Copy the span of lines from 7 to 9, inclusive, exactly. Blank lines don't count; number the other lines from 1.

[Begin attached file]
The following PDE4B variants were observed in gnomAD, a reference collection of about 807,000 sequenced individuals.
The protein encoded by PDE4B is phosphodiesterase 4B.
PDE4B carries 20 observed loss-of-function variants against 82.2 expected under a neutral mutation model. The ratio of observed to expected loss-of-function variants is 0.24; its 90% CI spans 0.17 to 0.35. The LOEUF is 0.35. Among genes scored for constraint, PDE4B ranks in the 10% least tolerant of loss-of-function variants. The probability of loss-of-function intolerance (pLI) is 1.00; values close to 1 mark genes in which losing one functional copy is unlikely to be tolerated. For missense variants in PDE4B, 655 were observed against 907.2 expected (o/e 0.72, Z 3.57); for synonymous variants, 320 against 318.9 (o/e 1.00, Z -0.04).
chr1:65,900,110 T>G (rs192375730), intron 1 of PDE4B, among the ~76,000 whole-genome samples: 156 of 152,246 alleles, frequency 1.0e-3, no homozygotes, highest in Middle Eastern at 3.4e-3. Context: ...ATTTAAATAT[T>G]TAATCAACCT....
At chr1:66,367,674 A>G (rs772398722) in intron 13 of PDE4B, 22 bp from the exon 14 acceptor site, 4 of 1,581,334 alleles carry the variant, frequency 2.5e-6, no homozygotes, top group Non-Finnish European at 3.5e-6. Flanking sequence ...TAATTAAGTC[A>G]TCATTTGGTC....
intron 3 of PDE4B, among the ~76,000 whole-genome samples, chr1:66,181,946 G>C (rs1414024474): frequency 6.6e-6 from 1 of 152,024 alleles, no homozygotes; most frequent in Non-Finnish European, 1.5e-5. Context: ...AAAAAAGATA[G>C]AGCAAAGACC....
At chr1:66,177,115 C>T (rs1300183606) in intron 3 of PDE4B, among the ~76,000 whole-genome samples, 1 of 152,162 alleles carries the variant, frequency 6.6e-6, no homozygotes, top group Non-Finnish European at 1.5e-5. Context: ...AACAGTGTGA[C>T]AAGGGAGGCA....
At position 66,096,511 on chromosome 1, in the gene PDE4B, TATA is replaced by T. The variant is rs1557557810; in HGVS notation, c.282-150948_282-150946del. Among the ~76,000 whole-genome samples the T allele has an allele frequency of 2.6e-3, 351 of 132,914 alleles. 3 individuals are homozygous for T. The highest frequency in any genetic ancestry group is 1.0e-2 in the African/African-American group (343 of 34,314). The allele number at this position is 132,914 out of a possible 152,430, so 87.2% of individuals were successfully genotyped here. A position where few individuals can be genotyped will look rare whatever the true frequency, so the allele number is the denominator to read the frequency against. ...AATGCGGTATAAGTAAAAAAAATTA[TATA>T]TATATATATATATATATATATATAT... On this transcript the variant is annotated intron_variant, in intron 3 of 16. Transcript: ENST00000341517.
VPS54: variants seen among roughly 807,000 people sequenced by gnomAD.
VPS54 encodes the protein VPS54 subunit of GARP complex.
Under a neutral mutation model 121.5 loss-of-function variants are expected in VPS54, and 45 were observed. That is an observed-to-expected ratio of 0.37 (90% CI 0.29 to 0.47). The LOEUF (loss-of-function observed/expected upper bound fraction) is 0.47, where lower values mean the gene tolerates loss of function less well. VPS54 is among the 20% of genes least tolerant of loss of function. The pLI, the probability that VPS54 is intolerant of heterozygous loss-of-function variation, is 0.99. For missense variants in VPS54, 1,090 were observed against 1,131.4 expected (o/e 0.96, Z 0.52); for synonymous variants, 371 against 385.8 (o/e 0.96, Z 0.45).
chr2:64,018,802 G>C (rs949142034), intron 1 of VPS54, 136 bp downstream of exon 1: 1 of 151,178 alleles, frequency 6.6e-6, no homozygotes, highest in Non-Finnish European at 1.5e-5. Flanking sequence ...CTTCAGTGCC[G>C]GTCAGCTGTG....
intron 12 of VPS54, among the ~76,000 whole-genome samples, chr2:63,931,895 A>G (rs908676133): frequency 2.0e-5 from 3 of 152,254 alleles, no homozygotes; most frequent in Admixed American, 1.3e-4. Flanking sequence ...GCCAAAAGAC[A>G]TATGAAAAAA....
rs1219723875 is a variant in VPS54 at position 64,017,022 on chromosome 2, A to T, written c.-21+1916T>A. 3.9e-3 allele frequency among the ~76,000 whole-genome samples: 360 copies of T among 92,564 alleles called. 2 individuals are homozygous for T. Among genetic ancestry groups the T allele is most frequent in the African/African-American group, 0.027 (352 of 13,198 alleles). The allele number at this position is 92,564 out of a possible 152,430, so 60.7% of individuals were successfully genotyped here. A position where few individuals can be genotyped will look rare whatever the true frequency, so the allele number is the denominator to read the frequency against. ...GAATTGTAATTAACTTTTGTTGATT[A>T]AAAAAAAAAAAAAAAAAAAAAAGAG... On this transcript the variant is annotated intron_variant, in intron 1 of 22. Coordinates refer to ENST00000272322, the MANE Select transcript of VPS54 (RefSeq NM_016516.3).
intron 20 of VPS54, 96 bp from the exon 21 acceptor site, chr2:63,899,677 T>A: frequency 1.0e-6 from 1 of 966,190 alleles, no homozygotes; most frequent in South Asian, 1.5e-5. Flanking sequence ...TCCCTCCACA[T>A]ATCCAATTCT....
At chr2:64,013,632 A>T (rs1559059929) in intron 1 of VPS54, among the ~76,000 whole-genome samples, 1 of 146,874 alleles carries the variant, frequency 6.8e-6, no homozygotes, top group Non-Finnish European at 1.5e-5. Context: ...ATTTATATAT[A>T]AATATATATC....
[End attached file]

At chr1:66,177,115 C>T (rs1300183606) in intron 3 of PDE4B, among the ~76,000 whole-genome samples, 1 of 152,162 alleles carries the variant, frequency 6.6e-6, no homozygotes, top group Non-Finnish European at 1.5e-5. Context: ...AACAGTGTGA[C>T]AAGGGAGGCA....
At position 66,096,511 on chromosome 1, in the gene PDE4B, TATA is replaced by T. The variant is rs1557557810; in HGVS notation, c.282-150948_282-150946del. Among the ~76,000 whole-genome samples the T allele has an allele frequency of 2.6e-3, 351 of 132,914 alleles. 3 individuals are homozygous for T. The highest frequency in any genetic ancestry group is 1.0e-2 in the African/African-American group (343 of 34,314). The allele number at this position is 132,914 out of a possible 152,430, so 87.2% of individuals were successfully genotyped here. A position where few individuals can be genotyped will look rare whatever the true frequency, so the allele number is the denominator to read the frequency against. ...AATGCGGTATAAGTAAAAAAAATTA[TATA>T]TATATATATATATATATATATATAT... On this transcript the variant is annotated intron_variant, in intron 3 of 16. Transcript: ENST00000341517.
VPS54: variants seen among roughly 807,000 people sequenced by gnomAD.